• OK, fine. They didn’t know. Today’s players do. And they’re fine with the risk. Who am I to feel differently?
• Football is culturally irreplaceable. It teaches important values, like teamwork and self-sacrifice. It gives young men an outlet for aggression.
• You can suffer a concussion driving a car. Or riding a bike. Life is risky. Football is risky. Sure, we should minimize the risk. But doing so is enough to keep on enjoying the sport, right?
But here’s the thing about football, the thing that separates it from everything else, that makes the sport exciting, the thing that’s so hard for me to reconcile: The hits aren’t accidents. They’re pretty much the point.
I can’t watch football because of Ann McKee, MD, a neuropathologist and codirector of the Boston University Center for the Study of Traumatic Encephalopathy, who studies the brains of deceased football players. We met in the morgue. McKee held a white plastic bin that contained a human brain, immersed in preservative fluid, yellow-green and translucent. It looked pickled.
“This is from a 29-year-old individual,” she said. “There’s been a shrinkage of the brain.”
Another bin. “This is from a retired NFL player. It shows atrophy. Shrinkage of the cortex. Shrinkage of the deep cortex.”
Another bin. Another former pro. “Very small temporal lobes. This looks like CTE. Wow. Pretty amazing. I think this will be a good case.”
McKee was speaking as a research scientist. As a football fan—as the kid sister of two brothers who played the sport—she knows the larger truth. There are no good cases. Football hits pull the brain like Silly Putty, stretching and shearing nerve cells. Some hits cause concussions. Some do not. The damage accumulates, regardless: Boston University researchers estimate that the average high school lineman takes 1,000 to 1,500 hits to the head each season, some at forces equivalent to or greater than a 25-mile-an-hour car crash.
The result can be found in the white plastic bins. Or in these tragedies: Former Philadelphia Eagles safety Andre Waters, dead at 44 from shooting himself. Former University of Pennsylvania football captain Owen Thomas, dead at 21 from hanging himself. Former NFL safety Dave Duerson, dead at 50 from shooting himself, purposely in the chest, so that his brain could come here.
“You look at these brains, and it’s like, ‘It wasn’t really him. It was the disease,’” says McKee.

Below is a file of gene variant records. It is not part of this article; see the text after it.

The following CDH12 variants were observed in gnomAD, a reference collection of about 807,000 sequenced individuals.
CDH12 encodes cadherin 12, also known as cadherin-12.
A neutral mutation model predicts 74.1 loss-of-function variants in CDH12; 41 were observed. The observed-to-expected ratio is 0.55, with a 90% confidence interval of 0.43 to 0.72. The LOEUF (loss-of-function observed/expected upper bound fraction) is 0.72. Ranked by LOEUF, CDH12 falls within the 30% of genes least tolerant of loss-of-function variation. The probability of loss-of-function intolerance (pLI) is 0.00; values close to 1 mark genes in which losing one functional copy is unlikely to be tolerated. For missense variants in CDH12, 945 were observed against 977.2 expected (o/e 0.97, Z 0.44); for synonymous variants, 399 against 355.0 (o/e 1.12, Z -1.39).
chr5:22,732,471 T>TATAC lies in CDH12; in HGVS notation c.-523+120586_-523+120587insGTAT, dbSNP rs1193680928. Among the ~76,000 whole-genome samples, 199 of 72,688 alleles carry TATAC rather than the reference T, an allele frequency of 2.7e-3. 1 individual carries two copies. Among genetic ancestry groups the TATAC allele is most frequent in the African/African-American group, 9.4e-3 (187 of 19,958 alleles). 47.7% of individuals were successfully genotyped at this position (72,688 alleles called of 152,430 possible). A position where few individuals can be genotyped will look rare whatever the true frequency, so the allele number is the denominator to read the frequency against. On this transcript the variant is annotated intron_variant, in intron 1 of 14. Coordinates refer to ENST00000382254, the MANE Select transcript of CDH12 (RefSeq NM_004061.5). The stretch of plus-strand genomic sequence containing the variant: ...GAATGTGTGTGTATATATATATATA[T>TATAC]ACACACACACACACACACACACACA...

The Boston University Center for the Study of Traumatic Encephalopathy has released test results for the brains of 20 deceased football players. Nineteen showed evidence of CTE. McKee has many more brains to examine, and hundreds more are pledged by athletes who are still alive.
These are the words McKee uses to describe the clinical symptoms of CTE: Impulsivity. Disinhibition. Volatility. Problems with depression and emotional control. And this is how Mike Webster, later diagnosed with the disease, spent his final months: living in his truck, squeezing Super Glue on his rotting teeth, shooting himself with a Taser gun to sleep, and sniffing ammonia to stay awake.
I can’t watch football because of Gil and Michelle Trenum. Two years ago, their son Austin suffered a concussion during a high school game. An alert trainer pulled him off the field. ER doctors checked him out. He went home. He seemed OK. A day and a half later, he hanged himself.
There was no suicide note. Austin was a happy, healthy kid. A good student. Popular and well liked, the type of guy you hope your daughter dates.
The Boston center physicians examined his brain. They didn’t find CTE, but they did find a multifocal axonal injury, damage to fibers that connect nerve cells. Doctors strongly suspect the injury led to Austin’s sudden, inexplicable decision. Gil and Michelle have since become advocates for concussion safety. Grieving parents seek them out, anguished calls and e-mails from people they’ve never met. The Trenums are the bravest people I know. Still, they hurt. They live with a hole. It will never be filled.
“Even when we have a good day, we still know he’s gone,” Michelle says. “We can be happy. We can laugh with our friends. But we still know.”
Boys and young men—whose brains are still developing—are more vulnerable to football-induced head trauma. Last year, the NFL placed certified athletic trainers in press boxes to watch for concussions, while NFL Players’ Association executive committee member Scott Fujita called for sideline deployment of independent neurologists. Can high schools or Pop Warner leagues afford the same safeguards? According to the National Athletic Trainers’ Association, only 42 percent of high schools in 2010 even had access to a certified athletic trainer educated in concussion care.
Robert Cantu, MD, a leading sports concussion expert, says in a new book that children under 14 years of age shouldn’t play collision sports under current rules, an argument he suspects will “tick some people off.” However, I wonder if Cantu goes far enough. College football is a multibillion-dollar, taxpayer-subsidized business. That’s a lot of public investment in head trauma.
Football’s popularity seems to grow every year. How long will that last? My colleague Will Leitch recently asked in New York magazine if following football was morally wrong. “There are no big TV contracts or player salaries without fans tuning in. We’re all part of the problem,” he wrote.
Are we? Am I? I know only this: There’s definitely a problem, an ugly one, and I’ve seen too much of it to keep watching.